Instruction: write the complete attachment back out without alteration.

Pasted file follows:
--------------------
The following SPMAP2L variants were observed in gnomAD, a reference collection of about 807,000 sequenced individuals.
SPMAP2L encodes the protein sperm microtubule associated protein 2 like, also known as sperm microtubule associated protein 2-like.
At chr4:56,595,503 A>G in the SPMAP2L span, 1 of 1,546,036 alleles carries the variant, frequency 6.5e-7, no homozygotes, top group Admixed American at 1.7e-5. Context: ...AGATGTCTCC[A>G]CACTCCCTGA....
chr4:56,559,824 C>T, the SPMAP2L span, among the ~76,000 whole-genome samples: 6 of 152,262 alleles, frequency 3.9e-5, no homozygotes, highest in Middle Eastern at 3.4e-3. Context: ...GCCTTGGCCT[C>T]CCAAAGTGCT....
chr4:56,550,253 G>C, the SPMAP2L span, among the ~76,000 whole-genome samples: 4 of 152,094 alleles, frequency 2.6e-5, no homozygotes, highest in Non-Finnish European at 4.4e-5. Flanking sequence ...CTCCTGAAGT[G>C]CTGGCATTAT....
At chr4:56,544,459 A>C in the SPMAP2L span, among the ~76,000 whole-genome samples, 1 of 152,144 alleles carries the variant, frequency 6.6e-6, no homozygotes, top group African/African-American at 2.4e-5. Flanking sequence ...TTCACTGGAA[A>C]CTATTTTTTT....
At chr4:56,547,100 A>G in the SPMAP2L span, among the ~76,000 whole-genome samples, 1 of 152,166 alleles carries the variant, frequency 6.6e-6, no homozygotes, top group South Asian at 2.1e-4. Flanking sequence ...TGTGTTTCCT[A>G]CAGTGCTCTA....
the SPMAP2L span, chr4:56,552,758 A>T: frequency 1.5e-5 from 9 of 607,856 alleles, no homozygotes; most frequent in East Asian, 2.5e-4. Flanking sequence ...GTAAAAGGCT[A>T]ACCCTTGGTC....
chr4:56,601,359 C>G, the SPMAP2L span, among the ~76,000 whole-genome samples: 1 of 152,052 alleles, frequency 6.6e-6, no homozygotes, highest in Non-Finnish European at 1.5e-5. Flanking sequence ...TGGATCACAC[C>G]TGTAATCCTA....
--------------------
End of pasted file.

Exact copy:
The following SPMAP2L variants were observed in gnomAD, a reference collection of about 807,000 sequenced individuals.
SPMAP2L encodes the protein sperm microtubule associated protein 2 like, also known as sperm microtubule associated protein 2-like.
At chr4:56,595,503 A>G in the SPMAP2L span, 1 of 1,546,036 alleles carries the variant, frequency 6.5e-7, no homozygotes, top group Admixed American at 1.7e-5. Context: ...AGATGTCTCC[A>G]CACTCCCTGA....
chr4:56,559,824 C>T, the SPMAP2L span, among the ~76,000 whole-genome samples: 6 of 152,262 alleles, frequency 3.9e-5, no homozygotes, highest in Middle Eastern at 3.4e-3. Context: ...GCCTTGGCCT[C>T]CCAAAGTGCT....
chr4:56,550,253 G>C, the SPMAP2L span, among the ~76,000 whole-genome samples: 4 of 152,094 alleles, frequency 2.6e-5, no homozygotes, highest in Non-Finnish European at 4.4e-5. Flanking sequence ...CTCCTGAAGT[G>C]CTGGCATTAT....
At chr4:56,544,459 A>C in the SPMAP2L span, among the ~76,000 whole-genome samples, 1 of 152,144 alleles carries the variant, frequency 6.6e-6, no homozygotes, top group African/African-American at 2.4e-5. Flanking sequence ...TTCACTGGAA[A>C]CTATTTTTTT....
At chr4:56,547,100 A>G in the SPMAP2L span, among the ~76,000 whole-genome samples, 1 of 152,166 alleles carries the variant, frequency 6.6e-6, no homozygotes, top group South Asian at 2.1e-4. Flanking sequence ...TGTGTTTCCT[A>G]CAGTGCTCTA....
the SPMAP2L span, chr4:56,552,758 A>T: frequency 1.5e-5 from 9 of 607,856 alleles, no homozygotes; most frequent in East Asian, 2.5e-4. Flanking sequence ...GTAAAAGGCT[A>T]ACCCTTGGTC....
chr4:56,601,359 C>G, the SPMAP2L span, among the ~76,000 whole-genome samples: 1 of 152,052 alleles, frequency 6.6e-6, no homozygotes, highest in Non-Finnish European at 1.5e-5. Flanking sequence ...TGGATCACAC[C>G]TGTAATCCTA....